Thereís a saying that a society can be judged on how it treats the people with the least - the least money, the least power, the least influence.

If that adage were applied to the Texas Legislature and how it treated Somervell County in last summerís redistricting process, we all need to move to a foreign country. Like New Jersey. Heck, its governor might even run for president and he has a funny accent, too.

First the Leg, called into special session by Gov. Rick Perry, proposed appending the county to a district that stretched west and included Midland. Now donít we have a lot in common with that community? Werenít our interests well represented in that map?

I weighed in on that convoluted proposal this past summer. But protests from commentators, other legislators and even constituents fell on deaf ears. I traveled to Austin and sat in one of the redistricting hearings to watch the proceedings.

Some members of the committee conducting the hearings didnít even bother to show up. Some of those who did didnít seem that interested as party after party - including representatives of Travis County - stood up and gave their spiel. It smacked of going through the motions of listening after the decision already had been made.

I covered a redistricting special session way back in 1981 when, fresh out of college and still idealistic, I expected more. I expected legislators to view the process of redrawing maps to redistribute voting power after a new Census was taken to be almost sacred and taken seriously.

Instead, what ensued were weeks of political back-stabbing, cronyism and protection of self interests. But where were the peopleís interests?

Itís 30 years later and Iím asking that question again.

Somervell County has now been lumped into congressional District 25 that starts at the Johnson-Tarrant county lines and heads south all to the way to part of Travis County - as in Austin - and even part of Hays County.

When I told that to my best friend, who lives in Wimberley in Hays County, she didnít believe me at first. It was simply unbelievable.

The district was drawn that way for political reasons, of course - to make it more conservative and politically damage Democratic Rep. Lloyd Doggett, who will be forced to run in another district. Heís called the newly redrawn District 25 ďillegal.Ē

Meanwhile, the U.S. Justice Department has filed its opposition, saying the District 25 map and others donít meet the basic requirement of the Voting Rights Act, which is supposed to protect minoritiesí votes from getting diluted and making it harder for a minority to be elected. Minority groups and other parties have filed their own lawsuit contesting the maps in San Antonio.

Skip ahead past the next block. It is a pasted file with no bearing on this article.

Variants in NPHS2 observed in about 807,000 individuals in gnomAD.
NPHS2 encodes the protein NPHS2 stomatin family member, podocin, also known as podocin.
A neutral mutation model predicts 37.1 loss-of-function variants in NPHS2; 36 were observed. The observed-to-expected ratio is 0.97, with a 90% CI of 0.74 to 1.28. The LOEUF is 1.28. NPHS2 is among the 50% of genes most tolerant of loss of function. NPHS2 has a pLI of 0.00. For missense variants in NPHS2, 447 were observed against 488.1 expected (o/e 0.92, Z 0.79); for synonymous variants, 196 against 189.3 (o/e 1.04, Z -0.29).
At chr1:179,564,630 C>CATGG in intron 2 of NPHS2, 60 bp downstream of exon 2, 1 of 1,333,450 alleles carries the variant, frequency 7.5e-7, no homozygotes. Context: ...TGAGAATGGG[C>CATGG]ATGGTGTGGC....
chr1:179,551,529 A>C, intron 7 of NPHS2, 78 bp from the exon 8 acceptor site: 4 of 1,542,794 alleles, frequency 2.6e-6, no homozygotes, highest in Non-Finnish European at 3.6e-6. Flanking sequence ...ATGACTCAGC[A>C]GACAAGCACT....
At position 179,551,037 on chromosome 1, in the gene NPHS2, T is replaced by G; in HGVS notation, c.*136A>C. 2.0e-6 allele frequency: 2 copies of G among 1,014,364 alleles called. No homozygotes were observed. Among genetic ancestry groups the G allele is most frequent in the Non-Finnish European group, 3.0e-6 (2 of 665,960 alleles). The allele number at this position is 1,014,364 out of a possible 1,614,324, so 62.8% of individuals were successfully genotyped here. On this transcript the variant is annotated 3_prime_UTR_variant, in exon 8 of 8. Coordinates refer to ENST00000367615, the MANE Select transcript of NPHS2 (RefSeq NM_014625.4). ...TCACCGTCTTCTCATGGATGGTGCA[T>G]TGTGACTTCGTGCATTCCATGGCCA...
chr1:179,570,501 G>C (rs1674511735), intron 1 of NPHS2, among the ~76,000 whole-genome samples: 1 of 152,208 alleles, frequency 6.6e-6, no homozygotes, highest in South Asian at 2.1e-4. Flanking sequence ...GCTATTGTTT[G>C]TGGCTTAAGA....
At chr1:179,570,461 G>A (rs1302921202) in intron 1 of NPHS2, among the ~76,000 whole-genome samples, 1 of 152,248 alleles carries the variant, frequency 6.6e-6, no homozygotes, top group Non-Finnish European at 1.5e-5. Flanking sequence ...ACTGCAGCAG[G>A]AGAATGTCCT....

Whatís most disturbing is that a small county like Somervell could be batted around like a football, plunked in one district going all the way into deep West Texas and then chunked in another district going all the way to Austin and south. Ah, guys, itís tinyÖjust stick it somewhere.

Now guess whose interests are going to take precedence if these district lines stand? Or even just get a fair hearing? Iím going out on a limb and just guessing itís where the population is greatest - Austin and its bedroom communities - and not a two-and-a-half hoursí drive north up the interstate.

The process has gotten so ridiculous that a couple of the candidates running for office - and a bunch are already lining up - are waiting to see where the district lines end up so they can move! Thatís right, some of them donít even live in the district as itís currently drawn. And they sure arenít planning to move to Somervell County.

The situation now is out of our hands as constituents. Itís highly likely that judges in Washington, D.C., are going to decide whether our new congressional district and others in Texas are fair and equitable.

Iíve said this before and Iím going to say it again - thereís got to be a better way to carve up congressional districts after each Census reveals population shifts. Putting it in the hands of political cronies is a recipe for gerrymandering. If lots of others said it, maybe some of our elected officials might listen. Throw some money behind it with a big fundraiser and they really might.

This political football game of redistricting has gone into overtime long enough. Flags are on the field. The players are tearing at each othersí facemasks and engaging in unsportsmanlike conduct. Many of us watching on the sidelines are no longer fans of the process. Instead, weíre booing both teams.